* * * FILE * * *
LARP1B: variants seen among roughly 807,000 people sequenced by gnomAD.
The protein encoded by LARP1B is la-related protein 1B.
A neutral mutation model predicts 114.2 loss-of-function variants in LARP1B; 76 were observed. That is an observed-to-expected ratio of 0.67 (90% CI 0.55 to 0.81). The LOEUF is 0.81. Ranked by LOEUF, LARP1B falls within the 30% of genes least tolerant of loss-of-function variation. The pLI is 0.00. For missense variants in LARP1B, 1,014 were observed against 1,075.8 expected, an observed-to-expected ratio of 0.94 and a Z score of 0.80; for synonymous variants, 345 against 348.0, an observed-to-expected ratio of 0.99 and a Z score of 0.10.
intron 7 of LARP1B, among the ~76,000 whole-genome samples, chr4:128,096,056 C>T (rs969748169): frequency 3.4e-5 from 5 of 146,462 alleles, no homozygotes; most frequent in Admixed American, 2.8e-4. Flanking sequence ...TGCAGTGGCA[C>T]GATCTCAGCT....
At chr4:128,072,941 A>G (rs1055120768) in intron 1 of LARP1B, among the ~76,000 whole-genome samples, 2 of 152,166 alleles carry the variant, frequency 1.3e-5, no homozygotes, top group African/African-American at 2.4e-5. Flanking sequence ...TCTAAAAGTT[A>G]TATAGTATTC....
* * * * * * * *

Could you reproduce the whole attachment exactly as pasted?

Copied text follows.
LARP1B: variants seen among roughly 807,000 people sequenced by gnomAD.
The protein encoded by LARP1B is la-related protein 1B.
A neutral mutation model predicts 114.2 loss-of-function variants in LARP1B; 76 were observed. That is an observed-to-expected ratio of 0.67 (90% CI 0.55 to 0.81). The LOEUF is 0.81. Ranked by LOEUF, LARP1B falls within the 30% of genes least tolerant of loss-of-function variation. The pLI is 0.00. For missense variants in LARP1B, 1,014 were observed against 1,075.8 expected, an observed-to-expected ratio of 0.94 and a Z score of 0.80; for synonymous variants, 345 against 348.0, an observed-to-expected ratio of 0.99 and a Z score of 0.10.
intron 7 of LARP1B, among the ~76,000 whole-genome samples, chr4:128,096,056 C>T (rs969748169): frequency 3.4e-5 from 5 of 146,462 alleles, no homozygotes; most frequent in Admixed American, 2.8e-4. Flanking sequence ...TGCAGTGGCA[C>T]GATCTCAGCT....
At chr4:128,072,941 A>G (rs1055120768) in intron 1 of LARP1B, among the ~76,000 whole-genome samples, 2 of 152,166 alleles carry the variant, frequency 1.3e-5, no homozygotes, top group African/African-American at 2.4e-5. Flanking sequence ...TCTAAAAGTT[A>G]TATAGTATTC....